One last thing I’m doing to save money in the garden is that I’m using the various fertilizers, fungicides, and pesticides I have on-hand instead of buying new ones. I rarely paid that much attention to how much I bought before Jim lost his job, so I’d sometimes end up buying things I didn’t actually need. No more of that.
6. Finally, we’ve delayed our trip to see friends and family in California, an excursion that would have cost us at least $1,500.
While I’ve given you examples of the most substantial things we have done to “save” our savings, here are some less-substantial, yet equally-worthy, examples:
- Entertainment: Admittedly, Jim and I have never spent much on entertainment aside from renting movies. Nevertheless, we’ve found ways to spend even less than we normally do. To make the most of our “basic” cable plan, we now watch as many “free-on-demand” programs as we can. These programs include movies, prime-time sitcoms and dramas, and news magazines. Though, we have maintained our $9.99/month Netflix subscription, the only other form of entertainment we indulge in is an occasional $1 Redbox movie.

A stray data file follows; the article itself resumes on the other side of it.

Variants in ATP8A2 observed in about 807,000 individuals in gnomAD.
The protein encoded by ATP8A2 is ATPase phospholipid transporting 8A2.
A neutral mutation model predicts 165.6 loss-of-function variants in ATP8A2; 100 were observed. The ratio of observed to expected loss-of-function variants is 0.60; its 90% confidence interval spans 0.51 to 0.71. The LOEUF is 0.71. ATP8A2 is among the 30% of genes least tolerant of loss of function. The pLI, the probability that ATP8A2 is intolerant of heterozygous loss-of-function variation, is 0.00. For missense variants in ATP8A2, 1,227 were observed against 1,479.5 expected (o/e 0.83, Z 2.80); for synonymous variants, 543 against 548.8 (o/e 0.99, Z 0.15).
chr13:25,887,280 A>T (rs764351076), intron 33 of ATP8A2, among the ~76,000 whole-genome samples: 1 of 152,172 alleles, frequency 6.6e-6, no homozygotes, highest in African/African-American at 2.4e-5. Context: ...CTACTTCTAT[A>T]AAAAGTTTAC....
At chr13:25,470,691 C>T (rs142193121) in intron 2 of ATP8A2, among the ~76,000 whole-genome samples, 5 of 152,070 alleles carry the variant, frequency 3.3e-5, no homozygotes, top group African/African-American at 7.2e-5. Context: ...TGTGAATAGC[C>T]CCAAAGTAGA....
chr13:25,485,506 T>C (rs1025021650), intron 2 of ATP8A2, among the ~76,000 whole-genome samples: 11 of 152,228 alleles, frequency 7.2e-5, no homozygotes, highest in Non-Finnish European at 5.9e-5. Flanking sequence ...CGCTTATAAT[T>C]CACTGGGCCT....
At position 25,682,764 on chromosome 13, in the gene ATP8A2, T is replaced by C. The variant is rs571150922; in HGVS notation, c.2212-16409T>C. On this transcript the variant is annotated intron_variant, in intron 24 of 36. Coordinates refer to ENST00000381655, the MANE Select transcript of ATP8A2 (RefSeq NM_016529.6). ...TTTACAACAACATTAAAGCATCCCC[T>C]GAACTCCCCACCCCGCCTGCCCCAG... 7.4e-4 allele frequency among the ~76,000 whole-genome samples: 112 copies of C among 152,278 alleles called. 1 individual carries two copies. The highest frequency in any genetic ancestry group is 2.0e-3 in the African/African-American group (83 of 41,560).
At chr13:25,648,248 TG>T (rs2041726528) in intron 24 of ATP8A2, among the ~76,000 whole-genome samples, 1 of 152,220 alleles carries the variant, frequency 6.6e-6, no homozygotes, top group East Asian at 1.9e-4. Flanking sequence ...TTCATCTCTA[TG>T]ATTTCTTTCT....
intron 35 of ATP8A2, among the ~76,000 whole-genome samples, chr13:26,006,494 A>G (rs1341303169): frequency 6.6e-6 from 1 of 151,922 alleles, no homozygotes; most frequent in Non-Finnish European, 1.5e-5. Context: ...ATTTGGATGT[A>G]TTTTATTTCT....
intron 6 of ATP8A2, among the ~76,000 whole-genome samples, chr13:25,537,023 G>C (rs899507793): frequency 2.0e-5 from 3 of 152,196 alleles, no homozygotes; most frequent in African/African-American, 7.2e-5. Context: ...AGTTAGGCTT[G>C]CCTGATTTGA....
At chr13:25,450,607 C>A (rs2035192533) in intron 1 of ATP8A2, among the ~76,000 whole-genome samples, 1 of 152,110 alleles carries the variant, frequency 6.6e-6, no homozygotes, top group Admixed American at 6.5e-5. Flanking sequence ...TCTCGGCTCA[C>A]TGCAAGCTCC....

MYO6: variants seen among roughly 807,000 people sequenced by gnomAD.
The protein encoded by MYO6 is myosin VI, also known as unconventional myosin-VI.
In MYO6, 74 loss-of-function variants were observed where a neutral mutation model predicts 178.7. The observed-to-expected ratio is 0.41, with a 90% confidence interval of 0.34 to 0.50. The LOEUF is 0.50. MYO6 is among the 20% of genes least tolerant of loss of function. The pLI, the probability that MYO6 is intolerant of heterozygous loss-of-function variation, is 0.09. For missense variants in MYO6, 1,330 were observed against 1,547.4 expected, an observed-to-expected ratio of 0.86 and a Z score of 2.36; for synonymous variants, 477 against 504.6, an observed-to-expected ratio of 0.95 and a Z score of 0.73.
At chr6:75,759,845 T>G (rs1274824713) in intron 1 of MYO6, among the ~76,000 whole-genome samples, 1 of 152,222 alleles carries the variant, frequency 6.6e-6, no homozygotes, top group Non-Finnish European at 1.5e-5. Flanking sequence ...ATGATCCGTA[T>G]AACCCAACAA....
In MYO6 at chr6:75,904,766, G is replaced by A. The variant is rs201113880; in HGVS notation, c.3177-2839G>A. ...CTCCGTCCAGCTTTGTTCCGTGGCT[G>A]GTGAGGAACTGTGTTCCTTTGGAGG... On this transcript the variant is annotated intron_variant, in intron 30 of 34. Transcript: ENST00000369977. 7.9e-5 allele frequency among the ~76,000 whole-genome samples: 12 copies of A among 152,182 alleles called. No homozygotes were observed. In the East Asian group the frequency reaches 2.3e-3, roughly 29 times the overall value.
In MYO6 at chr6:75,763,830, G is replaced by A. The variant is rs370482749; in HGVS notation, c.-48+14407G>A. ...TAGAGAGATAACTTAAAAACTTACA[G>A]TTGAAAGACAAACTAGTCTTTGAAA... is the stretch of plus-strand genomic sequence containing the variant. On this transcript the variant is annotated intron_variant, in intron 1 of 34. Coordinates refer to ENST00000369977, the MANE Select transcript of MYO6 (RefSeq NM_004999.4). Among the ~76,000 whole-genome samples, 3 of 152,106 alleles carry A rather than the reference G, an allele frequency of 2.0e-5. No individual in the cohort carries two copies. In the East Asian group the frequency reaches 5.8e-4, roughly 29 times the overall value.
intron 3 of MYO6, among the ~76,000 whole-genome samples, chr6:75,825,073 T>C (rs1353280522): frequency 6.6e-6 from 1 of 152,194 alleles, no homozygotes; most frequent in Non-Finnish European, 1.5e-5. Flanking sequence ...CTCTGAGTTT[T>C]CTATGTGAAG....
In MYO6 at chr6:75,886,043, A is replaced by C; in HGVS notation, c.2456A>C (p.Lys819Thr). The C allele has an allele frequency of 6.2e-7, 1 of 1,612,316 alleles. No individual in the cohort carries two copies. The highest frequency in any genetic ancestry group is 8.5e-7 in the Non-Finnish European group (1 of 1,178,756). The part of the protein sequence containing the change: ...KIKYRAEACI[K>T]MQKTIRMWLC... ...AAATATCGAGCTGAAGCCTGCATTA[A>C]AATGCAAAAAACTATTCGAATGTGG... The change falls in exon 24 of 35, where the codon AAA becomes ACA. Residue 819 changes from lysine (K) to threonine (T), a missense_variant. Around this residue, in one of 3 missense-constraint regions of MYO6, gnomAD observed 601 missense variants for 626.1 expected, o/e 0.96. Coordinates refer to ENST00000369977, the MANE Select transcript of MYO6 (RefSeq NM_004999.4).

- Magazines: I cancelled my subscription to People Magazine and stopped buying other magazines in grocery and drug stores. I used to read such magazines while I worked-out on the stepper each day. Now I listen to my favorite CDs instead — free of charge. Savings: nearly $200/year.
- Catalogs: I automatically chuck the myriad of catalogs that arrive in our mailbox day after day. I used to peruse virtually all of them and order items from one or two of them every few months. Many of those items were cheap, chintzy wastes of money I easily could have lived without. Now I do.
- Services: I discontinued Culligan’s automatic salt-refill service for our water softener, a service that cost us $180/year. Now Jim buys the bags of salt and carry them down to the basement. Of course, I don’t mind. It’s about time he did some things around here.
- Jewelry: I gathered up all the old gold jewelry I haven’t worn in years and exchanged it for $56 cash. I was happy to get that much, considering the fact that I’ve never bought expensive jewelry. Something is better than nothing.
- Pets: In the colder months, I waited twice as long (12 weeks instead of six) to have our Miniature Schnauzers trimmed. They stayed warmer, and we saved a total of $200 for two fewer grooming sessions.
Regardless of what job Jim has (or I have) in the future, I will never spend our income quite the way I used to. Again, I’d much rather wait a bit longer to buy the “big” things I dream of (remember the patio-pergola?), than spend too much on the “little” things (decorative towels, fancy sheets, custom address-labels, gadgets for the kitchen). Then again, we could win the lottery and never, ever again have to think twice about how much we spend. Yeah, I know. Good luck with that.